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Formal and informal social participation of the ‘young-old’ in The Netherlands in 1992 and 2002

Published online by Cambridge University Press:  21 January 2010

Department of Sociology, Faculty of Social Sciences, VU University, Amsterdam, The Netherlands.
Department of Psychiatry, EMGO-Institute, VU University Medical Centre, Amsterdam, The Netherlands.
Address for correspondence: M. I. Broese van Groenou, Department of Sociology, Faculty of Social Sciences, VU University, De Boelelaan 1081, 1081 HVAmsterdam, The Netherlands. E-mail:


The study compares the formal and informal social participation of 60–69 year olds in The Netherlands in 1992 and 2002, and examines which attributes of the two cohorts favour social participation. Using data from the Longitudinal Aging Study Amsterdam, it was found that cohort differences in formal participation (as members of organisations, in volunteer work and in religious organisations) and in informal participation (having a large social network, and in cultural and recreational activities) associated with cohort differences in individual characteristics (level of education, health, employment status and marital status). Descriptive analyses showed an increase between 1992 and 2002 in all forms of participation except religious involvement. The 2002 cohort members were more educated and more engaged in employment, but in worse health and had a higher prevalence of divorce than the 1992 cohort members. Logistic regression analyses showed that the positive effect on social participation of the recent cohort's higher educational level was suppressed by the negative effect of their worse health. Being divorced had mixed effects on formal and informal participation, but the difference in the number of divorcees did not explain cohort differences in social participation. Interaction effects showed that the influence of sex and health on volunteer work and religious involvement changed over time. The paper concludes with a discussion of the prospects for higher levels of formal and informal social participation among future cohorts of young-older people.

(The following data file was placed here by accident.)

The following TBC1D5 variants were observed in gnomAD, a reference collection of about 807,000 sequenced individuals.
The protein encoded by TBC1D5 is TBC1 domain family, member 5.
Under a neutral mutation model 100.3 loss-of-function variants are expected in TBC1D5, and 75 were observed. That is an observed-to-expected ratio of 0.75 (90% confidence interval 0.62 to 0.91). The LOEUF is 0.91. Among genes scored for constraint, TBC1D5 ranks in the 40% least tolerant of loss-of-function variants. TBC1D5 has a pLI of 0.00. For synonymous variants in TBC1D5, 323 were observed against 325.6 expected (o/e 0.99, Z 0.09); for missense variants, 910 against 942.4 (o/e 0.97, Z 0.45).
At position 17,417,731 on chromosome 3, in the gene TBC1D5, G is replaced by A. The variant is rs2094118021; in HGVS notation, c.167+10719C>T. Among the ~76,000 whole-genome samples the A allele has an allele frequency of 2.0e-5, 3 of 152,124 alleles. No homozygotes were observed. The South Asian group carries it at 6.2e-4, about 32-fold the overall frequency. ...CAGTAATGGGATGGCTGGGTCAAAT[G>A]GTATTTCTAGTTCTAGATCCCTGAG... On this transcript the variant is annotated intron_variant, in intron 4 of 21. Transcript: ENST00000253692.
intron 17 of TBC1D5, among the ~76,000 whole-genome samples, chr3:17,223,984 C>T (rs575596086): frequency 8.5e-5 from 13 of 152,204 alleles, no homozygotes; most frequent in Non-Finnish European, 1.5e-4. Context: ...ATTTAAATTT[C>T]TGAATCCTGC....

Copyright © Cambridge University Press 2010

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